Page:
After reviewing the above, you now know why Stamkos and many other players must take into account the income tax considerations when deciding on which team and country to play.

Olympic Gold – Not Tax-Free

During the Olympics, The Globe and Mail ran a story written by Alicia Siekierska titled “It’s gold – for the taxman. In this article she noted that the Canadian Olympic Committee awards Olympic athletes with bonuses (wow, I never knew this. How un-Canadian to incentivize winning for our athletes :)  if they make the podium: $20,000 for a gold medal, $15,000 for a silver medal and $10,000 for a bronze medal).

The article discussed that the Income Tax Act paragraph 56(1)(n) considers only certain prescribed prizes as tax exempt. As noted in Income Tax Folio S1-F2-C3, “Section 7700 of the Regulations defines a prescribed prize as any prize that is recognized by the general public and that is awarded for meritorious achievement in the arts, the sciences or service to the public. It is a question of fact whether a prize is considered to have been recognized by the general public for purposes of section 7700 of the Regulations. In making such a determination, one should consider whether there is evidence suggesting a high level of public awareness of the prize and the extent to which the announcement or receipt of the prize is widely publicized by the media. For example, a Nobel Prize given to a scientist or the Governor General's Literary Award given to a professional writer would qualify”.

The article noted that the Olympics are not considered a public service and thus, the medal bonuses paid to athletes such as Penny Oleksiak and Andre De Grasse will be taxable.

The article quotes William Innes, a tax litigator with Reuters LLP. Mr. Innes states the CRA’s position on taxing Olympians prize money is “outrageous”. He feels winning an Olympic medal should fall under the service to the public section noted above. He goes on to say “I would think that the average man or woman on the street would hold that somebody getting an Olympic medal is providing a service to the public”.

For the Penny Oleksiak’s and Andre De Grasse’s of the world, this is probably a bit of a mute issue, as they will receive significant endorsement opportunities dwarfing the bonus money. But for the typical less high profile medal winners who do not have significant funding, it seems unfair they are taxed on their Olympic bonuses. You would think there would be some co-ordination in policy between the Olympic Committee and the CRA.

This site provides general information on various tax issues and other matters. The information is not intended to constitute professional advice and may not be appropriate for a specific individual or fact situation. It is written by the author solely in their personal capacity and cannot be attributed to the accounting firm with which they are affiliated. It is not intended to constitute professional advice, and neither the author nor the firm with which the author is associated shall accept any liability in respect of any reliance on the information contained herein. Readers should always consult with their professional advisors in respect of their particular situation.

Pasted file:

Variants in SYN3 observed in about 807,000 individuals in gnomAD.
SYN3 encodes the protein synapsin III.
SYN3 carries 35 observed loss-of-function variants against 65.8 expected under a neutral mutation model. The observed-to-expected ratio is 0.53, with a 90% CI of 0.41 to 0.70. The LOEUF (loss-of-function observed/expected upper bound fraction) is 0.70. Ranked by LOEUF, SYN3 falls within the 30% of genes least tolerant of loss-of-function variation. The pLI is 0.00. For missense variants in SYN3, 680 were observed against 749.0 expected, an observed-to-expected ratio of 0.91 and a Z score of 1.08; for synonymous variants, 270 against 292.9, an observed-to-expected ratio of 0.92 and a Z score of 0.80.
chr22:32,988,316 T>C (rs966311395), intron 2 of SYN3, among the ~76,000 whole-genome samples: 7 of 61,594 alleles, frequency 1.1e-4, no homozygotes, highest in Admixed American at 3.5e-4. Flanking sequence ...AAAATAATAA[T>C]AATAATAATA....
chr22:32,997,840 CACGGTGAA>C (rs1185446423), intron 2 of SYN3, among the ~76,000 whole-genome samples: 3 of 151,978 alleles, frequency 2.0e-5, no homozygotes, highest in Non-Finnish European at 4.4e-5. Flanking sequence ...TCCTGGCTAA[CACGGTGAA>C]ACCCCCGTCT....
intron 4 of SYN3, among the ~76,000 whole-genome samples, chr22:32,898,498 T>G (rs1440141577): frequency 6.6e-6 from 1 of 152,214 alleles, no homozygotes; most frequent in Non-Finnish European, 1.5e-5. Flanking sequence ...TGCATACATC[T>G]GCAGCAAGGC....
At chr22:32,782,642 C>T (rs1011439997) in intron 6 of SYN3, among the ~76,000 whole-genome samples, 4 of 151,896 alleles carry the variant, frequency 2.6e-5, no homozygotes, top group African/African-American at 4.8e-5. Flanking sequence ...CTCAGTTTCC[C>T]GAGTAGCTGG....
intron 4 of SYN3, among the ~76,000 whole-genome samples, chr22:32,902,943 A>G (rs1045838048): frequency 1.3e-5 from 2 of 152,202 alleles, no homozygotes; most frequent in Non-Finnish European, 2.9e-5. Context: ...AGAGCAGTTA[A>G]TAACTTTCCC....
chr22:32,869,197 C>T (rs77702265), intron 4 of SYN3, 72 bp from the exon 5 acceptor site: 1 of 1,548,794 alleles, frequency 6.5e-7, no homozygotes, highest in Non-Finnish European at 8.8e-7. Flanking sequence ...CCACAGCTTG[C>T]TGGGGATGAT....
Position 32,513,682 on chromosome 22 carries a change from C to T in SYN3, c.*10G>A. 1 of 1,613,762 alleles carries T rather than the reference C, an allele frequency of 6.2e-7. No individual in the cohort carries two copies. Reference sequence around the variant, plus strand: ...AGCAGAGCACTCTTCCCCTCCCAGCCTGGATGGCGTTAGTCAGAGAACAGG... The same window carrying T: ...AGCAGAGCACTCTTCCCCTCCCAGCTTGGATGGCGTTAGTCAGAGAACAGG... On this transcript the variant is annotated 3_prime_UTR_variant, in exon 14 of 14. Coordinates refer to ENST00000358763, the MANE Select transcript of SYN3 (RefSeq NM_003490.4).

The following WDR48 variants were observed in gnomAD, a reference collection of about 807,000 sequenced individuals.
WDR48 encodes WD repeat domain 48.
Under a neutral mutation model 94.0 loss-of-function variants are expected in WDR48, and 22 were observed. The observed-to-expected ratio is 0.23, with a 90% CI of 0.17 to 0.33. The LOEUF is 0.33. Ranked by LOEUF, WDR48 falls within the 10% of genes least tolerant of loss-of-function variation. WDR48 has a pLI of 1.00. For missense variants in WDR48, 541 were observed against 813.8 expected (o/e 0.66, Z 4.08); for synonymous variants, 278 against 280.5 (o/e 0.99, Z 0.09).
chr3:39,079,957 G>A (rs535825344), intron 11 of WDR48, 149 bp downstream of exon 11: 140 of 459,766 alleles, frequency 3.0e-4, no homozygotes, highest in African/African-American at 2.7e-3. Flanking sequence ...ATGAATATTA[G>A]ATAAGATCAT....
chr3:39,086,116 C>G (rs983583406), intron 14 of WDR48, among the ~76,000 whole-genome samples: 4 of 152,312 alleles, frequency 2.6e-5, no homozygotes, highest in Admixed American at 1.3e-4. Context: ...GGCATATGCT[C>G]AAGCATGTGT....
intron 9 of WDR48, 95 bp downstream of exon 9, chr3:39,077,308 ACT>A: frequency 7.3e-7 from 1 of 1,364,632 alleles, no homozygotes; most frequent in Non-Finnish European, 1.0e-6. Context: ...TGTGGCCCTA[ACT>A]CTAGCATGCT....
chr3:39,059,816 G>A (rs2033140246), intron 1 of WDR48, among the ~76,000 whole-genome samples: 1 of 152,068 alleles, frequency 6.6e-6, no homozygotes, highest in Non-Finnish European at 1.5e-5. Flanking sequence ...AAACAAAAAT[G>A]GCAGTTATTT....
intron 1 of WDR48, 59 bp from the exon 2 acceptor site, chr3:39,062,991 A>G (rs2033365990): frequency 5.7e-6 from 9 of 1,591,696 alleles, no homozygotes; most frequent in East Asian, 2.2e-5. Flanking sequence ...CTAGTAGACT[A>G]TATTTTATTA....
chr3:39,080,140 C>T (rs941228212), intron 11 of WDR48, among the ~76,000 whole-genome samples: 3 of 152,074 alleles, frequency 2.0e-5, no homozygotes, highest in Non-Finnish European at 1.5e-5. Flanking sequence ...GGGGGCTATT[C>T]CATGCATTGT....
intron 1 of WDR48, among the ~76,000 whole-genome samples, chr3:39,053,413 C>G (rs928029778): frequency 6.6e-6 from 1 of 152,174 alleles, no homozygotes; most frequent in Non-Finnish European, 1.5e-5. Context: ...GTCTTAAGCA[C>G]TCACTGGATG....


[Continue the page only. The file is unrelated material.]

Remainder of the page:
Monday, September 5, 2016

Blogger Blues

This summer, my intention was to play some golf, spend some time with my family and write a few blog posts. As they say, the best-laid plans of mice and men often go awry.

Unfortunately, injuries waylaid my golfing. First I got shoulder tendinitis. (Household tip: If you have a pot light that will not come out and you get frustrated, do not, I repeat, do not, pull as hard as you can downwards and ruin your shoulder). In addition, I had a strained groin (Golf tip: when your feet are in an awkward position due to an awkward lie and the grass is wet, do not swing as hard as possible). I did however eventually recover from both my injuries by late July and got in some golf including a 74 after 17 holes in my club championship that became an 82 after I choked with an 8 on the final hole (2nd golf tip: If you have been using your 5 iron to drive since your driver was inconsistent, do not switch back to your driver on the last hole).

Switching gears, I was much busier with client matters than I anticipated this summer and was unable to find the time I hoped to write some of my blog posts for the fall. In addition, after six years of writing this blog, I had a bit of a writer’s block, that seemed to break in late August.

In any event, I realized that I’m unable to continue to commit the energy and time required to write this blog on a weekly basis. I will be shooting for two to three posts a month, including guest blogs, which will likely increase in number.

This fall, some of the themes I will be writing about include:

1. Tax planning for those with disabilities. I will have a couple guest posts on that topic.

2. “The Taboo of Money”

3. Canada/ U.S. tax issues

4. I will also continue my “What Small Business Owners Need to Know” series.

So, in summary. I will be writing less this year and in all honesty, I am unsure whether I am staggering to the end or I will get a second wind and will be good for a few more years. See you next week.